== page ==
John Barnes has suggested on talkSPORT that Trent Alexander-Arnold could develop into a midfield player in the future, but the Liverpool ace is better sticking to playing at right-back.
Gareth Southgate has sparked a vast debate on the 22-year-old’s role after fielding him in midfield for England. The experiment proved short-lived, however, with the Three Lions boss moving Alexander-Arnold back to full-back at half-time against Andorra.
Alexander-Arnold even admitted he struggled occupying a role in the England engine room during their World Cup qualifier. The Liverpool product found it a challenge to get on the ball and influence proceedings in the right areas.
Jurgen Klopp has exclusively fielded Alexander-Arnold at right-back for Liverpool so far this season. His decision has returned three assists in five games, with the 14-cap international free to advance on the right-flank, get on the ball and display his talents to the full.
Barnes would suggest Alexander-Arnold sticks to playing full-back for Liverpool and England if given the choice. The Reds icon is confident he has the talent to play in midfield, but the differences in the role would require a complete change to his approach to the game.
“He’s a right-back, that’s what he is,” Barnes said. “And because he likes to go forward, people translate that to ‘let’s play him in midfield’. The midfield position is very different to the full-back position, where he’s very good at coming onto the ball at pace.
“[In] midfield, you’ve got to play with your back to play. You’ve got to play one-touch, you’ve got to play short, you’ve got to mix your game up. As to whether he can be a midfield player in the future, possibly. However, right-back is his best position, he’s a good attacking right-back.”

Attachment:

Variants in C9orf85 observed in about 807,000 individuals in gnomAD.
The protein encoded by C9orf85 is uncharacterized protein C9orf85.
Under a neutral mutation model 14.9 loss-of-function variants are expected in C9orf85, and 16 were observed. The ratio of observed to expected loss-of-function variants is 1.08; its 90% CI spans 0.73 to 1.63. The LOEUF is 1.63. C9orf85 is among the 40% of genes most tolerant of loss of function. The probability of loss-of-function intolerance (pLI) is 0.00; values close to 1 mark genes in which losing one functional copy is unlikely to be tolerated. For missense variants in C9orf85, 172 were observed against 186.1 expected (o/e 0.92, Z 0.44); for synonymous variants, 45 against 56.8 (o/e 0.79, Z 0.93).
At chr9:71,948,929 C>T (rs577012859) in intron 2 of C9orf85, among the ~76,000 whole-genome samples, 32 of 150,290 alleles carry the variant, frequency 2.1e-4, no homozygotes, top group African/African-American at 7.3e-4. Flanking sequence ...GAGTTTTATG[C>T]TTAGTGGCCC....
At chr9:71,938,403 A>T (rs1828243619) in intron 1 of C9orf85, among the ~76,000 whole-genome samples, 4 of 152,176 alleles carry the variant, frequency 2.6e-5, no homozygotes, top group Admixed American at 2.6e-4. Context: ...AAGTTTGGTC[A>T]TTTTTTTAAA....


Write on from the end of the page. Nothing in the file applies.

Should Liverpool make Alexander-Arnold a midfielder, despite Barnes’ view?
Klopp’s midfield options reduced this summer with Georginio Wijnaldum leaving at the end of his contract and no replacements arriving. The German’s depth rescinded further with Harvey Elliott requiring surgery on a fracture–dislocation of his left ankle.
Liverpool could, therefore, look to develop Alexander-Arnold into a midfielder like England tried, despite Barnes’ view of the experiment. It would afford Klopp further options and hand the full-back more opportunities to learn how to play the role.
But, like Barnes says, Alexander-Arnold thrives when attacking the ball with pace from the full-back position. He struggled against Andorra and returned to right-back at half-time as he could not do what he is best at. Southgate saw that, and will likely look to keep him at full-back now. And so should Klopp, even if the Reds are with fewer engine room options.